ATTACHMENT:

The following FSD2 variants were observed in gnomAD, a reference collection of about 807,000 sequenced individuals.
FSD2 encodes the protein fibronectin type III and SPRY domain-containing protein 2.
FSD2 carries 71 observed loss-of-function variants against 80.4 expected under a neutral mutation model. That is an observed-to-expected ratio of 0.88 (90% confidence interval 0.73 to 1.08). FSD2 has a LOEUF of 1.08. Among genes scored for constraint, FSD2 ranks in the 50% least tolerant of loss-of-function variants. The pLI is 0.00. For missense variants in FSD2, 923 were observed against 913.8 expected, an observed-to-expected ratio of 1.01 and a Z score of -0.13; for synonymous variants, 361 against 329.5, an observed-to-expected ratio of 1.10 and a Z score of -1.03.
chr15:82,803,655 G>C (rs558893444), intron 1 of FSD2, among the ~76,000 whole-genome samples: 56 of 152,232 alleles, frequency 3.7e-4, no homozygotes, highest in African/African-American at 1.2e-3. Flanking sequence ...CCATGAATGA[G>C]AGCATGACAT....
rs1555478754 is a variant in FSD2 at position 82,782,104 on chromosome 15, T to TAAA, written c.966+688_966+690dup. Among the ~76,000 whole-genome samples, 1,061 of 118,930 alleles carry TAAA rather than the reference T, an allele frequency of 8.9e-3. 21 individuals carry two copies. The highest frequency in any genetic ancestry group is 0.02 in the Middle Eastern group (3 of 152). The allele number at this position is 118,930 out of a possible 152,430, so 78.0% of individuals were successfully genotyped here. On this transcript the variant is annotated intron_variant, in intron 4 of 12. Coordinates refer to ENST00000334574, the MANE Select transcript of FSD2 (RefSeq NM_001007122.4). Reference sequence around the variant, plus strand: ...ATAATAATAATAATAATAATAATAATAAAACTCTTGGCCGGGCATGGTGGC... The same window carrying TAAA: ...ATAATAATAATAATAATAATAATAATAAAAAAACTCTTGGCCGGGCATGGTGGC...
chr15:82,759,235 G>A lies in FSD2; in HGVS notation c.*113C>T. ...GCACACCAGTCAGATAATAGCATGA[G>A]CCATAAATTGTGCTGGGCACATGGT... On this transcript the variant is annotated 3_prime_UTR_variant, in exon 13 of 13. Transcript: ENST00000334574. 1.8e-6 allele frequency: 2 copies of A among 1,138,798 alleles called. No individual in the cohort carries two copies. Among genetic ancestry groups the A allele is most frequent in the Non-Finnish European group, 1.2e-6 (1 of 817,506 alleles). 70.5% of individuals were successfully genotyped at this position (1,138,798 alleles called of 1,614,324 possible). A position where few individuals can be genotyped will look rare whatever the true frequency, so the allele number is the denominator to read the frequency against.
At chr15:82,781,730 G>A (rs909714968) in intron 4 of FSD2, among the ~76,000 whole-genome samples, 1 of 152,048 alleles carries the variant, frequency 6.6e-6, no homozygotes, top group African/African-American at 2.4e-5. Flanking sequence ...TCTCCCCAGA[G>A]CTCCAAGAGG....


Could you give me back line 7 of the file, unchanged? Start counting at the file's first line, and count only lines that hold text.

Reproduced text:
At chr15:82,781,730 G>A (rs909714968) in intron 4 of FSD2, among the ~76,000 whole-genome samples, 1 of 152,048 alleles carries the variant, frequency 6.6e-6, no homozygotes, top group African/African-American at 2.4e-5. Flanking sequence ...TCTCCCCAGA[G>A]CTCCAAGAGG....